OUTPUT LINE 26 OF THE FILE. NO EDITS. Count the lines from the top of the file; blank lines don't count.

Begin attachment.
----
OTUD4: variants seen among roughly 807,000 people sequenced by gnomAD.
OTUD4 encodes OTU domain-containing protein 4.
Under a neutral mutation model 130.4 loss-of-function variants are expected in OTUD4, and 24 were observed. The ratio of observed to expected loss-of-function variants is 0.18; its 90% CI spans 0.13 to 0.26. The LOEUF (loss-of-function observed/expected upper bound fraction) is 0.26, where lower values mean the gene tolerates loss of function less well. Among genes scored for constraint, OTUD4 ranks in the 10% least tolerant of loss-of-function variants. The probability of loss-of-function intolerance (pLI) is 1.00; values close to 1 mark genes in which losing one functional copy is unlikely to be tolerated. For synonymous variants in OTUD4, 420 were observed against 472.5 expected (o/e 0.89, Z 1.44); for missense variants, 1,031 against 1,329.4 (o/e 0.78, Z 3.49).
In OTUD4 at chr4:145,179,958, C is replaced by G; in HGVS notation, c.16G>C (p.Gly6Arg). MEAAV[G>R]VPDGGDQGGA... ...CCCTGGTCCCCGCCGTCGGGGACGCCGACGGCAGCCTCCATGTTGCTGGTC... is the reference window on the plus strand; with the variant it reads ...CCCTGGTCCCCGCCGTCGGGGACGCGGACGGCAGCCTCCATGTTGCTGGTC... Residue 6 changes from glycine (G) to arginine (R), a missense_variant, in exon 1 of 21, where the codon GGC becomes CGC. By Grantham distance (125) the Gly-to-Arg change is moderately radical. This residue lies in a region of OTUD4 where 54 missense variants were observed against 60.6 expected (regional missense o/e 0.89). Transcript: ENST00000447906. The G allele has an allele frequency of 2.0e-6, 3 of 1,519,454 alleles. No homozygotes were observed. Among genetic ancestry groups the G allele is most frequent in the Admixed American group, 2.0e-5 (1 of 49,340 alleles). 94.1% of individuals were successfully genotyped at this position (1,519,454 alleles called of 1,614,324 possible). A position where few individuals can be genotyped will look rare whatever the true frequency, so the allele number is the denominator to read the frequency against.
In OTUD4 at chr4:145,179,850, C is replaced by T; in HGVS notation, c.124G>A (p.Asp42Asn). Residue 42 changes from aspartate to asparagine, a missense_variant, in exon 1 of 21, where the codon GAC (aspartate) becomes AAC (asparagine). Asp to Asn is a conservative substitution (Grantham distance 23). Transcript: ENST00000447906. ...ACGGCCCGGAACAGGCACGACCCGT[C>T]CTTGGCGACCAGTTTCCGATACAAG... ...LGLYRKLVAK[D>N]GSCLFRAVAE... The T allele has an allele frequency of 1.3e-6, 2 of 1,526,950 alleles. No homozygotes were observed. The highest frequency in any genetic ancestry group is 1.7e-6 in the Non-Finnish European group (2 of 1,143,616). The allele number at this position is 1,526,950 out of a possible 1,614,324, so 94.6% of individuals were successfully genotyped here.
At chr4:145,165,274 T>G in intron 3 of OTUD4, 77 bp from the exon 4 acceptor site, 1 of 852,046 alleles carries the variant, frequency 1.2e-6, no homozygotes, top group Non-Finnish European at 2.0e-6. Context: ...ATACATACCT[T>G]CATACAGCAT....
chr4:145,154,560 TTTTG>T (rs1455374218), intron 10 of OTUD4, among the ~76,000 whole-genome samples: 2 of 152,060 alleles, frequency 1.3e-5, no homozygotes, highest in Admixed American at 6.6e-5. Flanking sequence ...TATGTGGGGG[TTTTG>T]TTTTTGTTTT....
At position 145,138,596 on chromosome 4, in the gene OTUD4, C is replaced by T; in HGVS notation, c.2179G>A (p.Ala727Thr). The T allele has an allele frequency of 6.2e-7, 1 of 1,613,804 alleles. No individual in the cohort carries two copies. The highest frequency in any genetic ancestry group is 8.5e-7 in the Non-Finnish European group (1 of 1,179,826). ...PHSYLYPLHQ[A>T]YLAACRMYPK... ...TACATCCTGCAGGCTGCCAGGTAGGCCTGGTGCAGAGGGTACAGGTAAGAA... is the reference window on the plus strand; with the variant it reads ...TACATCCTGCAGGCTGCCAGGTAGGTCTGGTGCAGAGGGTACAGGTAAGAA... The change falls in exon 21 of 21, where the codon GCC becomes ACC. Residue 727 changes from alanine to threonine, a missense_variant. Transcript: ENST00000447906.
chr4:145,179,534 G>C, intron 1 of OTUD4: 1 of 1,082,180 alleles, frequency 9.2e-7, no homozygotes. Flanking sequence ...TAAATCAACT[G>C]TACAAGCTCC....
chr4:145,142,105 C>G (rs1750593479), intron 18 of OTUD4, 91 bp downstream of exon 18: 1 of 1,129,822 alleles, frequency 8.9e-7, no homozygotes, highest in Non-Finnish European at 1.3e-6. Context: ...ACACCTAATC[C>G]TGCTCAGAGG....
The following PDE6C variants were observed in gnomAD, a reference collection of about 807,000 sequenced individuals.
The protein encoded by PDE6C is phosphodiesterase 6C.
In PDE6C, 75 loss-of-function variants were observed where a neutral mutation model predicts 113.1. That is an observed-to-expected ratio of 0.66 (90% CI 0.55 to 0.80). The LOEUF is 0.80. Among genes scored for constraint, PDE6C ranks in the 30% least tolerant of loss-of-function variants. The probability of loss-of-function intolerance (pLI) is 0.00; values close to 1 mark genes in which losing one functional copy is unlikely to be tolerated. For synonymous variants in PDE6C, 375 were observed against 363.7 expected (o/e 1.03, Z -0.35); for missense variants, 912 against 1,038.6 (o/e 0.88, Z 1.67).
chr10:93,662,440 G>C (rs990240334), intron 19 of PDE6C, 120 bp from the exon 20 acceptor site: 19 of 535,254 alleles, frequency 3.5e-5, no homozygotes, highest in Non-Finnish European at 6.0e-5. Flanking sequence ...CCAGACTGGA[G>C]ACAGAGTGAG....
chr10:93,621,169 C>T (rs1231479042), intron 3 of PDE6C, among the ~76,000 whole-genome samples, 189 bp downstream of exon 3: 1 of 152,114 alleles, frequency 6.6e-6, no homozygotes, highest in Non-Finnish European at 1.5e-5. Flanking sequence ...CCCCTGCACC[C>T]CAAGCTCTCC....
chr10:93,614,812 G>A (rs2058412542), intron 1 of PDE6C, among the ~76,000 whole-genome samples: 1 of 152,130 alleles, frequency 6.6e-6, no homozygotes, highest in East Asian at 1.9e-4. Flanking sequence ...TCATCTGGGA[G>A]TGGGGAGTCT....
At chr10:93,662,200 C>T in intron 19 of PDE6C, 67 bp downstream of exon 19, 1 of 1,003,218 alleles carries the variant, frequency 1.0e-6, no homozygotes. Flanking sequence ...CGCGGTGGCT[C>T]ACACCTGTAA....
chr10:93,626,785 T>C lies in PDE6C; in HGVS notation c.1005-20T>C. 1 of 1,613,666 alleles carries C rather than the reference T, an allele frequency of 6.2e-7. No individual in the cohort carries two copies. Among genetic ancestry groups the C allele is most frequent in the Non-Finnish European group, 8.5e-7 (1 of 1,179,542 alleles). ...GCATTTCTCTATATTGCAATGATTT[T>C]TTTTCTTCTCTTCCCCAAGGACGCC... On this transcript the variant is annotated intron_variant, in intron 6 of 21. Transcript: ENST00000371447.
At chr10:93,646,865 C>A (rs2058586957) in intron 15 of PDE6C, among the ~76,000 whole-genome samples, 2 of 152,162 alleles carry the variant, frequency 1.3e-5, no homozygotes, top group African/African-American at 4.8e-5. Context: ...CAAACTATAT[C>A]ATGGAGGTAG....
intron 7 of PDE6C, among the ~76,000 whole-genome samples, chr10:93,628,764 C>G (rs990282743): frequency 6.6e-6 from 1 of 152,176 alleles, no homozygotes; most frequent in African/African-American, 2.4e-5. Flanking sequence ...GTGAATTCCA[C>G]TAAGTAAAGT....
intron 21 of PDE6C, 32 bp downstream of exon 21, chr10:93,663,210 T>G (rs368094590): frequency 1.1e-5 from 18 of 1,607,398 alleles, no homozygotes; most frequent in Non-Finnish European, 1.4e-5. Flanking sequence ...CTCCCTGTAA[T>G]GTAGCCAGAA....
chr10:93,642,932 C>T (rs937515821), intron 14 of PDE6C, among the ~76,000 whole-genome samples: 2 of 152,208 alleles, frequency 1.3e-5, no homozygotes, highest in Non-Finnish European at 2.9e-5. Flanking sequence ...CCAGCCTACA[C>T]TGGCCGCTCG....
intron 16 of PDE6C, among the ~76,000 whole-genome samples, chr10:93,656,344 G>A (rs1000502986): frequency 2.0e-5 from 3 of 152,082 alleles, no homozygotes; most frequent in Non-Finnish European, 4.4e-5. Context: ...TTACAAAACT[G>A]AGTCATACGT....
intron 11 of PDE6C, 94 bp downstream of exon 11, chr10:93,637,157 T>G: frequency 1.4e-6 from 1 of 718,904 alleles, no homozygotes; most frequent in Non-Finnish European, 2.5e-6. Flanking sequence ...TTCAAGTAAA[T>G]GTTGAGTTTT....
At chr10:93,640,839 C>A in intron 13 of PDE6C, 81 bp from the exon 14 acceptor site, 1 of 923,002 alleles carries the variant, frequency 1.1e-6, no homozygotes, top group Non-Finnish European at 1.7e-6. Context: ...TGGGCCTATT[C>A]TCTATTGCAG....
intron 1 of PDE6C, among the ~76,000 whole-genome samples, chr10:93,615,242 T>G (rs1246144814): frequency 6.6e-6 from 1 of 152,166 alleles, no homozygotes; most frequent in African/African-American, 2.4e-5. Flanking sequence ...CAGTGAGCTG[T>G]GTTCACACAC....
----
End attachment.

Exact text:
intron 1 of PDE6C, among the ~76,000 whole-genome samples, chr10:93,615,242 T>G (rs1246144814): frequency 6.6e-6 from 1 of 152,166 alleles, no homozygotes; most frequent in African/African-American, 2.4e-5. Flanking sequence ...CAGTGAGCTG[T>G]GTTCACACAC....